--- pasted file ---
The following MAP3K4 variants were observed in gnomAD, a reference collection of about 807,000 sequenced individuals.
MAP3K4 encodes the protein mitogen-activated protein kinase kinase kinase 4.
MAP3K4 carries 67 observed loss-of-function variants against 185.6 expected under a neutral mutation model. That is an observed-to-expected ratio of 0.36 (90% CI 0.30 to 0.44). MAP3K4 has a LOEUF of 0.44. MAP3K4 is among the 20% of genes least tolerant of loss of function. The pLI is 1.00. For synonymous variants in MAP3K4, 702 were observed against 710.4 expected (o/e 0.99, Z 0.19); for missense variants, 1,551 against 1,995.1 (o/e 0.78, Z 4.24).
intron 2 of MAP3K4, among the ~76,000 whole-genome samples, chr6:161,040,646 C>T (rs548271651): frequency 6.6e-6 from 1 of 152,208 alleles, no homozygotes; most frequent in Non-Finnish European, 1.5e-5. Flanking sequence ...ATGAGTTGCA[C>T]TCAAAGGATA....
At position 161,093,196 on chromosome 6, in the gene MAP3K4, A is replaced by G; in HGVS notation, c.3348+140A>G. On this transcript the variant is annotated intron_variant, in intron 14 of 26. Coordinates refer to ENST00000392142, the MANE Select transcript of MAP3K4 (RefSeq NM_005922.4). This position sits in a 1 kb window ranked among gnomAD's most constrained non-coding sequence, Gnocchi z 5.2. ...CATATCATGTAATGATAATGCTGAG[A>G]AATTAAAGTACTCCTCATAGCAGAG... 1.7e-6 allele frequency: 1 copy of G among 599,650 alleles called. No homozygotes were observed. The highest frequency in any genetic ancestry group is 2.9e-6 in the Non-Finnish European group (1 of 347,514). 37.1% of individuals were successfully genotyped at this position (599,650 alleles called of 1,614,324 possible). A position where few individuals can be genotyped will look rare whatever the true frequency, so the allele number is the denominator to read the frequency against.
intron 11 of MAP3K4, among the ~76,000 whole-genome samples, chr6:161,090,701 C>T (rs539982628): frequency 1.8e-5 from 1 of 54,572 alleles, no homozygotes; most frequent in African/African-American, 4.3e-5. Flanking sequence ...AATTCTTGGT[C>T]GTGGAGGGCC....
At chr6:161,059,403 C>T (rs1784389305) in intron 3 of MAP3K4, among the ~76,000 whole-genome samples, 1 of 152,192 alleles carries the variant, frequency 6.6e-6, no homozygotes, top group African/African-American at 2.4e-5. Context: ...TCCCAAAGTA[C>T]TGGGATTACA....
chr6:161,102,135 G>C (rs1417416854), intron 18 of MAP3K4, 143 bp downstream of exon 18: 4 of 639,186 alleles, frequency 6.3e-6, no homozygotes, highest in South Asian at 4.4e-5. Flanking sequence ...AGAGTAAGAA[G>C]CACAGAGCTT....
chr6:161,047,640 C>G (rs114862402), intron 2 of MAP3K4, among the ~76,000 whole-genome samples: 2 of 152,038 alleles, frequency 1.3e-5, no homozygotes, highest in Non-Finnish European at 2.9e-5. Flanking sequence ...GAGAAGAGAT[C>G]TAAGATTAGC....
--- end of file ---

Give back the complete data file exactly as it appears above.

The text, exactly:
The following MAP3K4 variants were observed in gnomAD, a reference collection of about 807,000 sequenced individuals.
MAP3K4 encodes the protein mitogen-activated protein kinase kinase kinase 4.
MAP3K4 carries 67 observed loss-of-function variants against 185.6 expected under a neutral mutation model. That is an observed-to-expected ratio of 0.36 (90% CI 0.30 to 0.44). MAP3K4 has a LOEUF of 0.44. MAP3K4 is among the 20% of genes least tolerant of loss of function. The pLI is 1.00. For synonymous variants in MAP3K4, 702 were observed against 710.4 expected (o/e 0.99, Z 0.19); for missense variants, 1,551 against 1,995.1 (o/e 0.78, Z 4.24).
intron 2 of MAP3K4, among the ~76,000 whole-genome samples, chr6:161,040,646 C>T (rs548271651): frequency 6.6e-6 from 1 of 152,208 alleles, no homozygotes; most frequent in Non-Finnish European, 1.5e-5. Flanking sequence ...ATGAGTTGCA[C>T]TCAAAGGATA....
At position 161,093,196 on chromosome 6, in the gene MAP3K4, A is replaced by G; in HGVS notation, c.3348+140A>G. On this transcript the variant is annotated intron_variant, in intron 14 of 26. Coordinates refer to ENST00000392142, the MANE Select transcript of MAP3K4 (RefSeq NM_005922.4). This position sits in a 1 kb window ranked among gnomAD's most constrained non-coding sequence, Gnocchi z 5.2. ...CATATCATGTAATGATAATGCTGAG[A>G]AATTAAAGTACTCCTCATAGCAGAG... 1.7e-6 allele frequency: 1 copy of G among 599,650 alleles called. No homozygotes were observed. The highest frequency in any genetic ancestry group is 2.9e-6 in the Non-Finnish European group (1 of 347,514). 37.1% of individuals were successfully genotyped at this position (599,650 alleles called of 1,614,324 possible). A position where few individuals can be genotyped will look rare whatever the true frequency, so the allele number is the denominator to read the frequency against.
intron 11 of MAP3K4, among the ~76,000 whole-genome samples, chr6:161,090,701 C>T (rs539982628): frequency 1.8e-5 from 1 of 54,572 alleles, no homozygotes; most frequent in African/African-American, 4.3e-5. Flanking sequence ...AATTCTTGGT[C>T]GTGGAGGGCC....
At chr6:161,059,403 C>T (rs1784389305) in intron 3 of MAP3K4, among the ~76,000 whole-genome samples, 1 of 152,192 alleles carries the variant, frequency 6.6e-6, no homozygotes, top group African/African-American at 2.4e-5. Context: ...TCCCAAAGTA[C>T]TGGGATTACA....
chr6:161,102,135 G>C (rs1417416854), intron 18 of MAP3K4, 143 bp downstream of exon 18: 4 of 639,186 alleles, frequency 6.3e-6, no homozygotes, highest in South Asian at 4.4e-5. Flanking sequence ...AGAGTAAGAA[G>C]CACAGAGCTT....
chr6:161,047,640 C>G (rs114862402), intron 2 of MAP3K4, among the ~76,000 whole-genome samples: 2 of 152,038 alleles, frequency 1.3e-5, no homozygotes, highest in Non-Finnish European at 2.9e-5. Flanking sequence ...GAGAAGAGAT[C>G]TAAGATTAGC....